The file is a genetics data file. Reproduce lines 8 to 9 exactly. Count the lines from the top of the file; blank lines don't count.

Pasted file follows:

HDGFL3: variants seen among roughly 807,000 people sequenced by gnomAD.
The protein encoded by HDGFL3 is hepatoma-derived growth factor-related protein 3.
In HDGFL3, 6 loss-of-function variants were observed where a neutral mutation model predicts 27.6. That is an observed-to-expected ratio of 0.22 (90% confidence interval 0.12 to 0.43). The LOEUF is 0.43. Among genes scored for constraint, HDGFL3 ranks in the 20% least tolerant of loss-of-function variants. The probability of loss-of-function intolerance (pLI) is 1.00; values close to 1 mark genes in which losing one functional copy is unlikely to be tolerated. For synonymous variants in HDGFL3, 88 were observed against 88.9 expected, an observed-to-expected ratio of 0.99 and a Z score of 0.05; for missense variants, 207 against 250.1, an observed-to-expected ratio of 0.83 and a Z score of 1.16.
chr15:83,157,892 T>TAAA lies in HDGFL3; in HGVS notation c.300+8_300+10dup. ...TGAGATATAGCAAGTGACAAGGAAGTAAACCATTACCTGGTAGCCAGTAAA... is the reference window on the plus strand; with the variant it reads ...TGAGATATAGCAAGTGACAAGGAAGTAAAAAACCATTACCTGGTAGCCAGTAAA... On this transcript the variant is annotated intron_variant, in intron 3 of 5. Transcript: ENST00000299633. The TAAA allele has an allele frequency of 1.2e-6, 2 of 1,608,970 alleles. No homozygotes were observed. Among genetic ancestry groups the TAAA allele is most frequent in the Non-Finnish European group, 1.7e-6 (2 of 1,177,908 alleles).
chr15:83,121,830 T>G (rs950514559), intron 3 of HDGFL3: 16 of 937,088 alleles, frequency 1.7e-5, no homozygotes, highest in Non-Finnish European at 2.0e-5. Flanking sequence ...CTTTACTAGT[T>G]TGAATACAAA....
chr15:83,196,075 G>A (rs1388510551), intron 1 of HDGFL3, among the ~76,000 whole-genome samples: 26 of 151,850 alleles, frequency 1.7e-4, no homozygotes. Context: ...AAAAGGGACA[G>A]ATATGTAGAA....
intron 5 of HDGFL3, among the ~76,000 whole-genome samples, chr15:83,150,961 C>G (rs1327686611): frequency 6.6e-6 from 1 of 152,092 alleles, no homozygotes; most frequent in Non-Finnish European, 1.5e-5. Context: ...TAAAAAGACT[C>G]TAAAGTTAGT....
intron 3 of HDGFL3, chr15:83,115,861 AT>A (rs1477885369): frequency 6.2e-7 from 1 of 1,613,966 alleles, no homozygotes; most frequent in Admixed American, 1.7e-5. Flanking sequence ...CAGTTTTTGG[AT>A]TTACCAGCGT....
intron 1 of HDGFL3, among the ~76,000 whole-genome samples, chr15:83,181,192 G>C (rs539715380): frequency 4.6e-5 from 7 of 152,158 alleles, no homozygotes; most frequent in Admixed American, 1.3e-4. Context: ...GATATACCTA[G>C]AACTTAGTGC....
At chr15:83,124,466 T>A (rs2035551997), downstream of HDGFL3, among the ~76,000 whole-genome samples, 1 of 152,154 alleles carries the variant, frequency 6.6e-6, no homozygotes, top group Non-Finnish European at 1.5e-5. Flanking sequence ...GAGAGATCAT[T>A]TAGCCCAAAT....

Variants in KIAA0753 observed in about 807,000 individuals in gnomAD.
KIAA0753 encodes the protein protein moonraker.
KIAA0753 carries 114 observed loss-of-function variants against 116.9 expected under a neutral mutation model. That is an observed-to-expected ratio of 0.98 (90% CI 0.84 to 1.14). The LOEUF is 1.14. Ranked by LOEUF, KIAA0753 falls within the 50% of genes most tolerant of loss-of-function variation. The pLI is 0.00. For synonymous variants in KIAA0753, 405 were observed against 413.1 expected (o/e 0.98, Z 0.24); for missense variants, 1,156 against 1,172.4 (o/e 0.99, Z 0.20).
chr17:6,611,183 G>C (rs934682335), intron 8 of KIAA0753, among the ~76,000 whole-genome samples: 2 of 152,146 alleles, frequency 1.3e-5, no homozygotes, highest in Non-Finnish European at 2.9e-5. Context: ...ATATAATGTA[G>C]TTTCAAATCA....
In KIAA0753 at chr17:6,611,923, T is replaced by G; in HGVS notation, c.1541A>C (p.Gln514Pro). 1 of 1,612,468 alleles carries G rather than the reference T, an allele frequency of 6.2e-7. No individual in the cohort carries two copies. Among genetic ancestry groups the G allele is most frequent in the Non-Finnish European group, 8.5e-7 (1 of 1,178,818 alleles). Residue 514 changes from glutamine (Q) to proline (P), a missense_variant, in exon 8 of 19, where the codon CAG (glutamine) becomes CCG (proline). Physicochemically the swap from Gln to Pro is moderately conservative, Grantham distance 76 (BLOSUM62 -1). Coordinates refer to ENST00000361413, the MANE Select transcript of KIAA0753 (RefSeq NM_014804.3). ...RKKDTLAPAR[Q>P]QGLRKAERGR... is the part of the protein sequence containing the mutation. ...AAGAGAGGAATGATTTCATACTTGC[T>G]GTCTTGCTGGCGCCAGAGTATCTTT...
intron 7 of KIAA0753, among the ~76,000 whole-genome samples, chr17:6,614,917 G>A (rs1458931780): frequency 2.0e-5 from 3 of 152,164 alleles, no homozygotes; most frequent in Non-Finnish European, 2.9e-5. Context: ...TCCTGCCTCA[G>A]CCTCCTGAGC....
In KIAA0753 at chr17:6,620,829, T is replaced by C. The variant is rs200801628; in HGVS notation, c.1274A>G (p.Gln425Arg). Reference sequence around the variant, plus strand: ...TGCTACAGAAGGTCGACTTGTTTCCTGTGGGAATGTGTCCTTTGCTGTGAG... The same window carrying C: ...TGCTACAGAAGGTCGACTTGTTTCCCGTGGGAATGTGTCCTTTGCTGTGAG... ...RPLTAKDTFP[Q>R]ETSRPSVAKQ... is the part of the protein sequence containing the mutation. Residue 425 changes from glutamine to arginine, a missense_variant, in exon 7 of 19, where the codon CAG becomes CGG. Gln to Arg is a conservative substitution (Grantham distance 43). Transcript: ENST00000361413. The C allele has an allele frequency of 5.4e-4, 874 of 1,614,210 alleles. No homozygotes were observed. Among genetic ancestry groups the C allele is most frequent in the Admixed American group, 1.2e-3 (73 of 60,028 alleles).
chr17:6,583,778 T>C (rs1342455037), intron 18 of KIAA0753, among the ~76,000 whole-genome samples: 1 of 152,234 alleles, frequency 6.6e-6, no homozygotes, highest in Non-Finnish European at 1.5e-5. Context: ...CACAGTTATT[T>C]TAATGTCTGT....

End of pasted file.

intron 3 of HDGFL3, chr15:83,115,861 AT>A (rs1477885369): frequency 6.2e-7 from 1 of 1,613,966 alleles, no homozygotes; most frequent in Admixed American, 1.7e-5. Flanking sequence ...CAGTTTTTGG[AT>A]TTACCAGCGT....
intron 1 of HDGFL3, among the ~76,000 whole-genome samples, chr15:83,181,192 G>C (rs539715380): frequency 4.6e-5 from 7 of 152,158 alleles, no homozygotes; most frequent in Admixed American, 1.3e-4. Context: ...GATATACCTA[G>C]AACTTAGTGC....